I reached the beginning of the incline and stared downward. In the distance the female dog still pulled her mate, the puppies hovered nearby, and the two children continued to rub their eyes and noses. Jagged lacerations of light snarled from the west, beginning to now push aside the cloud curtains.

I was annoyed, I realized that. Of course the children ought to be helping in some way. Was something wrong with them? The sky continued to darken, and I turned up the collar of my overcoat and adjusted my homburg.

I started down Graybar Street and within a few minuted I felt the tightness in my thighs as I tried to control my pace. A small box-like house squeezed between two decaying brownstones took shape in the distance. Could that be where they live?

The dogs and the children arrived at the bottom of the street. I halted. They were indeed heading for the small house. I wondered who might open the door. For a brief moment they waited by the door, almost frozen in place I thought. The boy then pushed open the door. The one dog pulled the other dog inside, followed by the puppies, then the girl, and finally the boy. The door closed.

I looked at my watch once again; I did not have a lot of time to get to my appointment. All the same I could not shake off my growing curiosity. Was it also somehow vaguely familiar … in some obscure way? I glanced over my shoulder in the direction where I had just come from. No one was in sight.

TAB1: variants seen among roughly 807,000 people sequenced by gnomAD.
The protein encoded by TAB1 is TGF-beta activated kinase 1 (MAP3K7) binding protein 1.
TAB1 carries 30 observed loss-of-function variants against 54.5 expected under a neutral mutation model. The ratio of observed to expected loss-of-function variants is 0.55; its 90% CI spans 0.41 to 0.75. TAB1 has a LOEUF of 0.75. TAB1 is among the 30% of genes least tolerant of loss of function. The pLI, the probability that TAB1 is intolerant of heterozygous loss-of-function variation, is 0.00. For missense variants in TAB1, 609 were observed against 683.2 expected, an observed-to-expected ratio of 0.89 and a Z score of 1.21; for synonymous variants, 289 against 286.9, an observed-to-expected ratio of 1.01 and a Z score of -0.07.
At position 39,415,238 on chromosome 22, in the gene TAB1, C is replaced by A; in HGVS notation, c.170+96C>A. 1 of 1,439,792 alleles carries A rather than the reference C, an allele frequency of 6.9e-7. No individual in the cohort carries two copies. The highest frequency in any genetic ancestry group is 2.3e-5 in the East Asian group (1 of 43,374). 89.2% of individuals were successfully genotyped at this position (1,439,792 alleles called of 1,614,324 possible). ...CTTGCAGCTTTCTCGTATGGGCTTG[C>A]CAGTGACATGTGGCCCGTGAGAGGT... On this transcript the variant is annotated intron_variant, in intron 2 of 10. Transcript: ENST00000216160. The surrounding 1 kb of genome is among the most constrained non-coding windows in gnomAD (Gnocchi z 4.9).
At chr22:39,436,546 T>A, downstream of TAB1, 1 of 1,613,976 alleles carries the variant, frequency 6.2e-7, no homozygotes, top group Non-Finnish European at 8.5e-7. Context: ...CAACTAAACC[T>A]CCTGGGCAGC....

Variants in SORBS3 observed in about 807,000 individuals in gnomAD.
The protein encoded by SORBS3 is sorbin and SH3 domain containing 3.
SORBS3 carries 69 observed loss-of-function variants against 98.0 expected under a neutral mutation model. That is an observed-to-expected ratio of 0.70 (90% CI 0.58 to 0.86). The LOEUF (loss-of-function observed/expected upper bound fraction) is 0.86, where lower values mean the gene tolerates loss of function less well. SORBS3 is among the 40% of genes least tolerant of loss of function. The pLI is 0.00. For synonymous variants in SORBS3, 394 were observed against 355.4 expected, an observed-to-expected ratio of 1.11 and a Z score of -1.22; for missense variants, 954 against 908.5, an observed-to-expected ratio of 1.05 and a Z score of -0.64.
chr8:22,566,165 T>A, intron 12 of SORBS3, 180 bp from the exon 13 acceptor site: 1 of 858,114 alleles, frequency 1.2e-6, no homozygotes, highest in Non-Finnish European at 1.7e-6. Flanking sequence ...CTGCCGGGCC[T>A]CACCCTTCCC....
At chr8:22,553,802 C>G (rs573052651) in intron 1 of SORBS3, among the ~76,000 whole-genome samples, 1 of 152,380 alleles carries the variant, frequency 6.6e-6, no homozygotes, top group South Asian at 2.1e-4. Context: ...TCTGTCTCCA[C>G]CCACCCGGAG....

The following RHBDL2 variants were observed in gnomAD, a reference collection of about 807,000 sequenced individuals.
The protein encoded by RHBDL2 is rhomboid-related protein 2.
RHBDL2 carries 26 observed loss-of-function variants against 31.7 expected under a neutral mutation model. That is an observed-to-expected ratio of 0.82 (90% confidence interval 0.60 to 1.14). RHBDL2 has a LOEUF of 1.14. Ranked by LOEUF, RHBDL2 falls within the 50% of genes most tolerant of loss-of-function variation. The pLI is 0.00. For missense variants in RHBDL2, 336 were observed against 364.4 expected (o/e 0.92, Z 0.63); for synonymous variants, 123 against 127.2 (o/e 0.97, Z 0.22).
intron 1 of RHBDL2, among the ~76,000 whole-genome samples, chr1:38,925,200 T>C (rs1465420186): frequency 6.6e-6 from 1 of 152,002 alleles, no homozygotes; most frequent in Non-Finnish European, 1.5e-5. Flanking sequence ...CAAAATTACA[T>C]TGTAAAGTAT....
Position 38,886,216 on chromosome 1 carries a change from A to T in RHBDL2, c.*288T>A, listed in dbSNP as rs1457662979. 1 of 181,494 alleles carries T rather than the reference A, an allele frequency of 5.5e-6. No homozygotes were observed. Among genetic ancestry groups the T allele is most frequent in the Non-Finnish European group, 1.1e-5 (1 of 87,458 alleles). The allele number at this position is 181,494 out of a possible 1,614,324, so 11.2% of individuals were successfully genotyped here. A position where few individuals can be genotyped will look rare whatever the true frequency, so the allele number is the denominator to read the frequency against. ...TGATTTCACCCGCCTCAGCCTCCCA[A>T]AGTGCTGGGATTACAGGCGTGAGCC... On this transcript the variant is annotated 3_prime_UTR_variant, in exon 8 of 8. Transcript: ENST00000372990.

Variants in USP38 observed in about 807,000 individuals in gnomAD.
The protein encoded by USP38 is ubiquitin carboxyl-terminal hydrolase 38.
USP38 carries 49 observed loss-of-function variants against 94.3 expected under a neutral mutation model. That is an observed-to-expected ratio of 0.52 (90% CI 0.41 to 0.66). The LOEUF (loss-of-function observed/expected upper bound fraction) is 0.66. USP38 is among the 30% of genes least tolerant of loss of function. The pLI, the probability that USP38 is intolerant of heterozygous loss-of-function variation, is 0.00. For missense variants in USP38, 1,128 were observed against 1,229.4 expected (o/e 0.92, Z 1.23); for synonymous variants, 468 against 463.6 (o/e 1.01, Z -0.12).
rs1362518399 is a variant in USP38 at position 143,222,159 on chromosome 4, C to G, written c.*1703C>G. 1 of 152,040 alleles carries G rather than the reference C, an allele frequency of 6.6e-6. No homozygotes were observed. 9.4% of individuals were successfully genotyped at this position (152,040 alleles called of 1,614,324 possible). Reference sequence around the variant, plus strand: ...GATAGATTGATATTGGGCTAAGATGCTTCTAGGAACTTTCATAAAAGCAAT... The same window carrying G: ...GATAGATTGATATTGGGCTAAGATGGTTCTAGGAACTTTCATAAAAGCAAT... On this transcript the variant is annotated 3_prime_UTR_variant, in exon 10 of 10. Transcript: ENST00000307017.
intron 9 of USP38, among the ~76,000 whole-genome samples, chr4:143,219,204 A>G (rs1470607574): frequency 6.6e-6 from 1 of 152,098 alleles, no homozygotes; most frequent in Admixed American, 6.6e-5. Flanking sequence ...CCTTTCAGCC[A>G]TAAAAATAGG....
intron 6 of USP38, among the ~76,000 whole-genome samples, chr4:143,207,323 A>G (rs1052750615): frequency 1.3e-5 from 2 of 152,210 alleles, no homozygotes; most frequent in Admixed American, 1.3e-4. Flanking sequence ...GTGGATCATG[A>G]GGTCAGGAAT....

At the bottom of the street I stopped and stared at the house. What could I possibly say? That I was following children? There had been an incident many years before regarding an eleven year old girl, only indirectly involving me, but nevertheless not one I wished repeated. It had turned out to be a nasty bit of business.

I knocked tentatively at the door. And waited. I knocked again, this time louder. No one answered. I reached down and lifted the latch. “Hello. Is there anyone here?” Only dead silence greeted me. I opened the door wider.

It was, however, not the lack of a response which surprised me, but the fact that the one small room was absolutely empty, no furniture, clothes or any indication of human habitation whatsoever. “What the devil?”

I now stood in the middle of an empty room, but saw that there was another door directly in front of me. I lifted the latch of this door and slowly pulled it open, leery of what I might discover. But of all the things I briefly considered, what I found myself staring at I could not have expected.

I was outside, but in front of me was a large field-gray tent, the kind you’d expect to come across during a military campaign, where overall battle strategy was being planned. I strode quickly over to the tent, pushed back the flap and entered. The interior was spacious and could have accommodated fifteen or twenty persons. While at the moment empty, there were signs of recent occupation.